Chilean port workers have begun a nationwide strike amid widespread social unrest in one of South America's most stable countries for decades.
The Central Front of Port Workers union, which comprises numerous organizations, announced this weekend that workers would not be at their posts on Monday.
It said this action is in solidarity with Chilean protestors around the country.
The unrest, which was sparked a few days ago by a now-suspended rise in pubic transport prices, has expanded to reflect deep anger over increasing living costs and inequality.
Port worker union representatives on the weekend told local media El Líder de San Antonio that the protesters' demands "are of a transversal nature".
They added: "Given the high level of repression ... we ask associates to not show up to their places of work. The port workers want to be heard."
Meanwhile, the Chilean Port Union said: "The reasons behind this protest are related to the widespread and deep social discontent of the Chilean people, which was ... reflected in the streets of Santiago through the right to protest and rebel."
Industry sources told FreshFruitPortal.com that the strikes are currently taking place but they hope operations can return to normal on Tuesday.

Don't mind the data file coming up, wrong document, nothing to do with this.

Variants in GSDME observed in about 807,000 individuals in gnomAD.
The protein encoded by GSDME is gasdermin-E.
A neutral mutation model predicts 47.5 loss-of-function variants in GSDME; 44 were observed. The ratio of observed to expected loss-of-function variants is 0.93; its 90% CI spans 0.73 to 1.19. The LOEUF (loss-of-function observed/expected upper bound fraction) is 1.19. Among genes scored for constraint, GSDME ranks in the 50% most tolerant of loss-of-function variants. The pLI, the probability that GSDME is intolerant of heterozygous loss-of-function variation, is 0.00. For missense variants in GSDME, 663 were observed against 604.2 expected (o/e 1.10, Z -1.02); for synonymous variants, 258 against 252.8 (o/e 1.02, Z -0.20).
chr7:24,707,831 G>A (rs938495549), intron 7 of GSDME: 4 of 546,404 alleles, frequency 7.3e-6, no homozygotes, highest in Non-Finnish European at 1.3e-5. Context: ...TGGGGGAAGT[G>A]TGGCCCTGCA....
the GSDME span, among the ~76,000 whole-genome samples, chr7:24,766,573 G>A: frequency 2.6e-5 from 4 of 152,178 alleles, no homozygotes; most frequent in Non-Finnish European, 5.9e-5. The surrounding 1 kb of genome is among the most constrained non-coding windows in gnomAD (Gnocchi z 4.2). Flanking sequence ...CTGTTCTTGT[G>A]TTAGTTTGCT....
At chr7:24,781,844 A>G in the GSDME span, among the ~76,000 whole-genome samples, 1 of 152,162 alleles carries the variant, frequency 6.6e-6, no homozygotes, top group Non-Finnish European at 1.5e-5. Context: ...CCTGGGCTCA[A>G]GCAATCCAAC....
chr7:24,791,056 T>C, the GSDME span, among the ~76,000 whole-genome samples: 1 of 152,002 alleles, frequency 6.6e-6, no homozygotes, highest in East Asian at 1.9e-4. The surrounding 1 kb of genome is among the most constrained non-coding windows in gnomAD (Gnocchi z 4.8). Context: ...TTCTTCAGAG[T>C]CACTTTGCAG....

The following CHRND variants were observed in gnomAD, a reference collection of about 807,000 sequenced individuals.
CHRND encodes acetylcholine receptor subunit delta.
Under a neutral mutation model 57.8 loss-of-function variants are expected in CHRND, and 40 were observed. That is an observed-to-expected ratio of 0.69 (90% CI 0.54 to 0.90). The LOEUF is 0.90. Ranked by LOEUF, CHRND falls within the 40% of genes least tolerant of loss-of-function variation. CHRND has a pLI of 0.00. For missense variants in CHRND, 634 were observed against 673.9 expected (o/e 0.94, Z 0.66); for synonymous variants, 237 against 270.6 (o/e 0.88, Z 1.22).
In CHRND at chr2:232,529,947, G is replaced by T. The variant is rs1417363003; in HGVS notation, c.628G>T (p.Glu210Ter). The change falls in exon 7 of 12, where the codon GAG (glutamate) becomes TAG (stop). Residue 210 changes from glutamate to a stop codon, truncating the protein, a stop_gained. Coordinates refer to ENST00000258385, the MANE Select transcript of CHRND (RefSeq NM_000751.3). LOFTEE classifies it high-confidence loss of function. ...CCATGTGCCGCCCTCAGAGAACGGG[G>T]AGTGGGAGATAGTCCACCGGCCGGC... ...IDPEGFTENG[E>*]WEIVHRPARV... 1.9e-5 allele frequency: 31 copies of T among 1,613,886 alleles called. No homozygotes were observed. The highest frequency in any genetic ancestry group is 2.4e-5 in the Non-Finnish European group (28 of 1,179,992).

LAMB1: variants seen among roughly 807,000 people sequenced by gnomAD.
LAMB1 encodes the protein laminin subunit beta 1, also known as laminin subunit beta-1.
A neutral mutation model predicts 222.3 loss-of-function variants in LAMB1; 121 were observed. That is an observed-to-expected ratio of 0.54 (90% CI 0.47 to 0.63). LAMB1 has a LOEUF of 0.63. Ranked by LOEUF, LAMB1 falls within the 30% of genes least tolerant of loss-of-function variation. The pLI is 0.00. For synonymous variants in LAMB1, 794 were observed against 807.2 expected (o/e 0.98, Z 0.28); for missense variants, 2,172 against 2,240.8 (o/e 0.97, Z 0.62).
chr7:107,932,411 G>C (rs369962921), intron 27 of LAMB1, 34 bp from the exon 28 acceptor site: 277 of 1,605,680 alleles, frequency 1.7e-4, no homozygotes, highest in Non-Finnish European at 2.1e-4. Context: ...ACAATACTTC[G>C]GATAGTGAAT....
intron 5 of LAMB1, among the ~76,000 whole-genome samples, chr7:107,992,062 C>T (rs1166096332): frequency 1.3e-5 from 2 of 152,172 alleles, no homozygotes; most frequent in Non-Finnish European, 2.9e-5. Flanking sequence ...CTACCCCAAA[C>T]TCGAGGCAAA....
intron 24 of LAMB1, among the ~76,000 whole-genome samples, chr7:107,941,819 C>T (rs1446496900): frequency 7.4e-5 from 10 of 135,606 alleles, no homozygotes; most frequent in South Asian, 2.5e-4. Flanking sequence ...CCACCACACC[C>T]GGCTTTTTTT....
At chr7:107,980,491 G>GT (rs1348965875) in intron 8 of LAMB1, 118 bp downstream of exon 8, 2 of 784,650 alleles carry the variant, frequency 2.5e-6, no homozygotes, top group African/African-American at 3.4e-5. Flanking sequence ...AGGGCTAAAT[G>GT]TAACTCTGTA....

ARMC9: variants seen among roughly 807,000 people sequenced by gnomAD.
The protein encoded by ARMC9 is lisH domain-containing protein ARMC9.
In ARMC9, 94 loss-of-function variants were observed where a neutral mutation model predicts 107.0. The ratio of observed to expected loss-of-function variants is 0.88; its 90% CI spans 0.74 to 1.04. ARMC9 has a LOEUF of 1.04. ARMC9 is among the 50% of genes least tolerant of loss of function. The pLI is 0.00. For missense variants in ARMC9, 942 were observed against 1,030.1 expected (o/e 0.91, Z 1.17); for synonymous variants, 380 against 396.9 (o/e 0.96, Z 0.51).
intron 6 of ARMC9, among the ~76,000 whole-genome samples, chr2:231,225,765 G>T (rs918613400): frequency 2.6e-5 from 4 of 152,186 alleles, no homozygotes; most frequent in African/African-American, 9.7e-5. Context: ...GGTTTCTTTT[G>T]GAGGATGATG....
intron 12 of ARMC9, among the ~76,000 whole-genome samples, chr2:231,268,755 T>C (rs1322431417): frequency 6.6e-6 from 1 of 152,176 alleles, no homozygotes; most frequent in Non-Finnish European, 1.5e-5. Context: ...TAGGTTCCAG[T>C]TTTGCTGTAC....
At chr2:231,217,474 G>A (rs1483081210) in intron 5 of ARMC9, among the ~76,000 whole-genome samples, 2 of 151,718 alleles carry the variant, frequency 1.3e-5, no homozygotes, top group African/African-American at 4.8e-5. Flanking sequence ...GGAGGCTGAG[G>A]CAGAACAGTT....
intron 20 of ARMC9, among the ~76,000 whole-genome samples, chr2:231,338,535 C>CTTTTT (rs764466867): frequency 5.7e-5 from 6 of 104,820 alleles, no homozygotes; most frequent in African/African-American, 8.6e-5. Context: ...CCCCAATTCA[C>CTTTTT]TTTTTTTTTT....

The situation has affected the Port of San Antonio, through which the largest proportion of Chilean fruit is exported.
The unrest began earlier last week when students began to protest the metro fare rise. The protests quickly escalated, with widespread arson, looting and violence.
A state of emergency was declared in the capital on Friday and later announced in other cities on Sunday.
Thousands of soldiers have been deployed to the streets of Santiago - a jarring sight for many in the country which experienced a brutal military dictatorship that ended in 1990.
There have also been city-wide curfews on Saturday and Sunday night. At least 11 people have been killed, according to recent reports.
Ahead of major disruption expected on Monday, Chile's President Sebastián Piñera said the country was "at war" with a violent enemy. Many in Chile have criticized these remarks, saying they are unlikely to help bring about a swift end to the conflict.